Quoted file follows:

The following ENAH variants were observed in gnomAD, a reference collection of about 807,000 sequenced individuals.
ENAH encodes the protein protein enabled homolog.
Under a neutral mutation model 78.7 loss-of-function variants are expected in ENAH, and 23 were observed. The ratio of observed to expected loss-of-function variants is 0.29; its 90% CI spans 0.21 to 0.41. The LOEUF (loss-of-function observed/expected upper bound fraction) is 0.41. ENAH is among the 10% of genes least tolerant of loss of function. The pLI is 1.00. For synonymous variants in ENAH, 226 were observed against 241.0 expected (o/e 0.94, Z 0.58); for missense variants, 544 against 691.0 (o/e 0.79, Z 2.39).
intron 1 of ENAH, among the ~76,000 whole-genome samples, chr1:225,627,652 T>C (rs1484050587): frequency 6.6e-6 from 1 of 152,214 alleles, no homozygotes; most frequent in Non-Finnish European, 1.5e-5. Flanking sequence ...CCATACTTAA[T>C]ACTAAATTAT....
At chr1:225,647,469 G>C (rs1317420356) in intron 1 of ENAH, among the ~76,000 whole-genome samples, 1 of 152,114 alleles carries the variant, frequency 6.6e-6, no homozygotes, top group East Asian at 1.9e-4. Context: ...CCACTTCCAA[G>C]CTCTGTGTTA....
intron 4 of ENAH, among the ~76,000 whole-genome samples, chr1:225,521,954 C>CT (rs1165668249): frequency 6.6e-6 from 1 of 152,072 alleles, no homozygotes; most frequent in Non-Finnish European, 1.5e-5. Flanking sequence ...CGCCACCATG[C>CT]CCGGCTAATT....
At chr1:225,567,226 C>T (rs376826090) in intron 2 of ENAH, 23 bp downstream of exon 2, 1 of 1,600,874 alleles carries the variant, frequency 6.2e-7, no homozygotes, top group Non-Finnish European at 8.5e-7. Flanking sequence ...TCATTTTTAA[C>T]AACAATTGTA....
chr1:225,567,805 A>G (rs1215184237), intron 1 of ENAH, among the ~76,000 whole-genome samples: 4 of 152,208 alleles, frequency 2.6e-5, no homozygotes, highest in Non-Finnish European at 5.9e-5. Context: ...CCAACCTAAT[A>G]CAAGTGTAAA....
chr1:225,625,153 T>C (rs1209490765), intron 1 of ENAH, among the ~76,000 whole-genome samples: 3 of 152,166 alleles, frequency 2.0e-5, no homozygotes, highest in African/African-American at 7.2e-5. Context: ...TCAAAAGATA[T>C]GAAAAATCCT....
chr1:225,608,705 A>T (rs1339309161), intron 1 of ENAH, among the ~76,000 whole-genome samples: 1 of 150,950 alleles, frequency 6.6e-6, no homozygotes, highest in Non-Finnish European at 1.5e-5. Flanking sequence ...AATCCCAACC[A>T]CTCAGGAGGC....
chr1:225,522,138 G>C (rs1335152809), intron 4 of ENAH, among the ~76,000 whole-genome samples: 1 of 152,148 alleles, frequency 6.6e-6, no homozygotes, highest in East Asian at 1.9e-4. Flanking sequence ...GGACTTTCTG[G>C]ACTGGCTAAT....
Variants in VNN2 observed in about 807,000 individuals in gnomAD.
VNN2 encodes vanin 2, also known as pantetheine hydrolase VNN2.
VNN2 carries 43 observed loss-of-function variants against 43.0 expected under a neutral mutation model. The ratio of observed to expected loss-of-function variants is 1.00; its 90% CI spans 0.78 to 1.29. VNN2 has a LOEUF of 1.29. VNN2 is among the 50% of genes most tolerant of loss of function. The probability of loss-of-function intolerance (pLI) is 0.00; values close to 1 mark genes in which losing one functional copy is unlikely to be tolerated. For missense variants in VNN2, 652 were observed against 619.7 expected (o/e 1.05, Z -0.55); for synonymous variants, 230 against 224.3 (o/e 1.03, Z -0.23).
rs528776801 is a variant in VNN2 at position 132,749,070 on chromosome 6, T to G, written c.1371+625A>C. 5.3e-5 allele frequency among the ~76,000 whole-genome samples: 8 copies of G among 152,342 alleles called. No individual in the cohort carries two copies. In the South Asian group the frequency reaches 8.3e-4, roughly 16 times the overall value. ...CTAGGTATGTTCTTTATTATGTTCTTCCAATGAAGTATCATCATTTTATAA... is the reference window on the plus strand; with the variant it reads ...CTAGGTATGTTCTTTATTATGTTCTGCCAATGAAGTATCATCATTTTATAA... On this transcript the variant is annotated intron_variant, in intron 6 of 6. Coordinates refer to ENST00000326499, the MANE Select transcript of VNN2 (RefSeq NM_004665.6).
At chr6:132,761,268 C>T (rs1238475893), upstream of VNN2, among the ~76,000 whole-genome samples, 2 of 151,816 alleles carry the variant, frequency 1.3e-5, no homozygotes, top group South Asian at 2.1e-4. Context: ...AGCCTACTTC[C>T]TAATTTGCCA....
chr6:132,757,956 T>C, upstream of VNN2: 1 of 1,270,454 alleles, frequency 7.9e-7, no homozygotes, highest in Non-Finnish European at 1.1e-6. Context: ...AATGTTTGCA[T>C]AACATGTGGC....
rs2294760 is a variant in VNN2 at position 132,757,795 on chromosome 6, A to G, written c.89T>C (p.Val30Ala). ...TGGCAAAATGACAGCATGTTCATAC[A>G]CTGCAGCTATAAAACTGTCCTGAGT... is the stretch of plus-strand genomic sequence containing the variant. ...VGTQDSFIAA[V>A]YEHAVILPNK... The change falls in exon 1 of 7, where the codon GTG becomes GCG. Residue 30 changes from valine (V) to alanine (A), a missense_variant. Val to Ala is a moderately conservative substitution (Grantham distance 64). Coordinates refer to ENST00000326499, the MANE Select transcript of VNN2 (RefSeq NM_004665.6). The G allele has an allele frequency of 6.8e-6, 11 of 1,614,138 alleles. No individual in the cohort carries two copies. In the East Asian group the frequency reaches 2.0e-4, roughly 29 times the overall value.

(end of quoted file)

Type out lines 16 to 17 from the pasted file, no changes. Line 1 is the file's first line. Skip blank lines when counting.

At chr6:132,761,268 C>T (rs1238475893), upstream of VNN2, among the ~76,000 whole-genome samples, 2 of 151,816 alleles carry the variant, frequency 1.3e-5, no homozygotes, top group South Asian at 2.1e-4. Context: ...AGCCTACTTC[C>T]TAATTTGCCA....
chr6:132,757,956 T>C, upstream of VNN2: 1 of 1,270,454 alleles, frequency 7.9e-7, no homozygotes, highest in Non-Finnish European at 1.1e-6. Context: ...AATGTTTGCA[T>C]AACATGTGGC....